International Trade

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UK’s over-reliance on import is crushing economic recovery

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An over-reliance on imported goods is holding back the UK’s prospects for economic recovery, according to a report published today by the business-backed Big Innovation Centre.

Consumer tastes have changed over the past decade and Britain failed to adapt, the research points out. For example, in 2009 UK consumers bought almost eight times the volume of consumer electronics products than in 1997, and more than twice as much clothing.

The top 15 fastest growing consumer products are all goods, a demand that rose by 62 per cent, but consumer demand for services grew far less at 17 per cent over the period; a surprising fact given the ongoing economic shift away from manufacturing and towards services.

Advances in technology are responsible for the rapid innovation and increasing productivity in certain growth markets. Revolutions in the way production is organised internationally have meant the cost of lower-tech goods such as clothing has fallen dramatically.

However, the rapid innovation and growth in demand doesn’t mean that consumers spend a larger share of their total income on them. In fact, it is in areas where prices have risen that consumers are spending more of their money. 

Electricity and fuel costs more than doubled from 1997 to 2009; as a result, they took up a significantly larger share of consumer spending, despite growing by just nine per cent in volume terms.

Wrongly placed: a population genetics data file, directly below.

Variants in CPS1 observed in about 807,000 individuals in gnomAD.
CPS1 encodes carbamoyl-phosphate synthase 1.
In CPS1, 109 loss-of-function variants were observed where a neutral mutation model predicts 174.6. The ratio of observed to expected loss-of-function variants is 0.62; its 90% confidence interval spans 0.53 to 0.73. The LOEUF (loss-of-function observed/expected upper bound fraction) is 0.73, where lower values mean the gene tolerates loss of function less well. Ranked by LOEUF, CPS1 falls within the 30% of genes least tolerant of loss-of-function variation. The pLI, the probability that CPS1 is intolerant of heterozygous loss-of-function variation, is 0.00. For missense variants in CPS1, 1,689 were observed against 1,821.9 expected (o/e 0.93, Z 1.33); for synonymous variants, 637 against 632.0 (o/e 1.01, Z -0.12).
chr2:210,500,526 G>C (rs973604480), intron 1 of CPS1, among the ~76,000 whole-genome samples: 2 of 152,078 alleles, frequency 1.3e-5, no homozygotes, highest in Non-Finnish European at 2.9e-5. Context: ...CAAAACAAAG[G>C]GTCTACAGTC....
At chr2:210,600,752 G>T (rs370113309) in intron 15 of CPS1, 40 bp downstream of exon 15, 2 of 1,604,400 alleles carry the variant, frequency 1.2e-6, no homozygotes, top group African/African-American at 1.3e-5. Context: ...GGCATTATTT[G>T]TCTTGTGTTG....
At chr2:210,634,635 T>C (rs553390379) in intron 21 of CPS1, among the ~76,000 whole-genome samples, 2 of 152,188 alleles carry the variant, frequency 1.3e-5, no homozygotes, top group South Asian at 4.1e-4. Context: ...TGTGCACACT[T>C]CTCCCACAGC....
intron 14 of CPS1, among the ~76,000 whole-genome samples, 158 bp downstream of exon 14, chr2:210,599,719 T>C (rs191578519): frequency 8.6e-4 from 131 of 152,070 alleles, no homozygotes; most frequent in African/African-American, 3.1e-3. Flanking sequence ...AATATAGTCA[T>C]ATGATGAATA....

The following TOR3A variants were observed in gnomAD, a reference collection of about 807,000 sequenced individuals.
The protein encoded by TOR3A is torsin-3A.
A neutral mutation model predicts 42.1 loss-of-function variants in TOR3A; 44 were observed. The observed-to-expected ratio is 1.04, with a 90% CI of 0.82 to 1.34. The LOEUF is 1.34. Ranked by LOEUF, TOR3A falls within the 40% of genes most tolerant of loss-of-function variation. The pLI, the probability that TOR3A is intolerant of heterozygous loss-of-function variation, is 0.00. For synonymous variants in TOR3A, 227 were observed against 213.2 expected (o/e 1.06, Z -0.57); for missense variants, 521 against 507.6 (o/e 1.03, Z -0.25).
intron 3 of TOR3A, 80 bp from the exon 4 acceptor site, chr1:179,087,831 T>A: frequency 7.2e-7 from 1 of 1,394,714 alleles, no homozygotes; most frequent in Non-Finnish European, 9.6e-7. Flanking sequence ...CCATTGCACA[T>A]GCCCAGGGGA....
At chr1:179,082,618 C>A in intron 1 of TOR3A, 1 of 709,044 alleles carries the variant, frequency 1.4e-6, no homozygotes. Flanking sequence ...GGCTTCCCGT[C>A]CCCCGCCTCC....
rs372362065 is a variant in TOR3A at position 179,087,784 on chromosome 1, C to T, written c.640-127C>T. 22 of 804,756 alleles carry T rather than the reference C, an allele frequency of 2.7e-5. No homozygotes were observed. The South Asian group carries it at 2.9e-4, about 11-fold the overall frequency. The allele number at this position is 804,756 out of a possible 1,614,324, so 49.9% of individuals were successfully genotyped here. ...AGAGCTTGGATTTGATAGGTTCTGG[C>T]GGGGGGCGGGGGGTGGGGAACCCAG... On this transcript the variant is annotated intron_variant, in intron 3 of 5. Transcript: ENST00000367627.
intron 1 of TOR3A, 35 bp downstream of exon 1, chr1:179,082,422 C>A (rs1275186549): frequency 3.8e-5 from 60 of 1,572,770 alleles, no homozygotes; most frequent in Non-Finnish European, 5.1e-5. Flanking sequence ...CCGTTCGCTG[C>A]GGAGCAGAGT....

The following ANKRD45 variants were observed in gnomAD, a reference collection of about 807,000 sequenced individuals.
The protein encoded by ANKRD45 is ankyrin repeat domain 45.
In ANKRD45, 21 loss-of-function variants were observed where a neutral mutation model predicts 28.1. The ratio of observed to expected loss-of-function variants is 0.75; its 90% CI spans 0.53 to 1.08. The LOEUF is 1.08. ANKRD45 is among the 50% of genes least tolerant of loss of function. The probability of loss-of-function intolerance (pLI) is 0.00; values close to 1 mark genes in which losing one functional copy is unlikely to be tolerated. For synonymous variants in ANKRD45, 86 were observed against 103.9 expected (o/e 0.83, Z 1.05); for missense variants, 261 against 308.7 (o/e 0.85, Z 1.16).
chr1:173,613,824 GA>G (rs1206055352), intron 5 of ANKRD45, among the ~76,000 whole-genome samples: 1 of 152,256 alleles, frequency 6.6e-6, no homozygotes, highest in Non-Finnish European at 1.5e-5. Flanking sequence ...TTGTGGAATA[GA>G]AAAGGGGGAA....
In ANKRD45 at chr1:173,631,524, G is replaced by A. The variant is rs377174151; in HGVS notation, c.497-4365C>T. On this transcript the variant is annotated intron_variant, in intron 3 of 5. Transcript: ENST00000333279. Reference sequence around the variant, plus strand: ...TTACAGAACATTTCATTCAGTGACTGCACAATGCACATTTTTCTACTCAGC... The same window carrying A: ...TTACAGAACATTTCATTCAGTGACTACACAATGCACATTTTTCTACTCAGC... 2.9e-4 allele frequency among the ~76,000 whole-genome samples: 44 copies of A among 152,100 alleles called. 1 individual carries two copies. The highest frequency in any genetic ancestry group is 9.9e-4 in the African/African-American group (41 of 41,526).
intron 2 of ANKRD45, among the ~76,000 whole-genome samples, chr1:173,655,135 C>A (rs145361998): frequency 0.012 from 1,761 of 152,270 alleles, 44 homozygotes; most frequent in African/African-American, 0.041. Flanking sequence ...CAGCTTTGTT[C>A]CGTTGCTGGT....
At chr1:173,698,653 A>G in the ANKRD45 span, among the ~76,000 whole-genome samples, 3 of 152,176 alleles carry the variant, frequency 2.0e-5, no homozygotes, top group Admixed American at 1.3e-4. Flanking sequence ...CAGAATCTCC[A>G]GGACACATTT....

This has affected the UK economy significantly. For rising demand of a product either domestic production or imports have to increase in order to satisfy demand. The UK, however, has experienced a trade deficit in manufactured goods, and a smaller trade surplus in services. 

Consumer spending accounts for nearly two thirds of growth in the UK economy. With Britain being reliant on imports in both areas, the research calls on the government to help boost growth by increasing investment and support for emerging consumer markets and our most competitive export industries.

It argues that our future economic success depends on the UK becoming a world leader in emerging high growth consumer markets, such as mobile banking and personalised healthcare. Also, the UK needs to turn its strong service industries into mass export sectors, particularly for business services, design and online retail.

“The UK is weakest in many of the fastest growing, innovative consumer markets, leading to serious imbalances in trade and dampening economic growth,” said Spencer Thompson, report author from The Big Innovation Centre. “We need to get much better at making the things that people want to buy, or we will continue storing up economic problems for the future.”

To get ahead in the fast growing areas of tomorrow Britain needs to be quick to adopt breakthrough technologies, instead of trying to reverse the trend in already established markets, Mr Thompson suggested.

“The government must take this challenge more seriously. They can play a big role in helping new technologies become household products by working with businesses to address all of the barriers involved in disruptive change. Without better co-ordinated action, we are likely to repeat the mistakes of the pre-recession years.”

The authors argue that Britain’s strongest industries could become mass exporters if the EU Services Directive were implemented, UK airport capacity were expanded and controls on highly-skilled migrants were eased. They urge the government to give greater export support to SMEs and identifies the need to build stronger links with emerging economies such as China and India.

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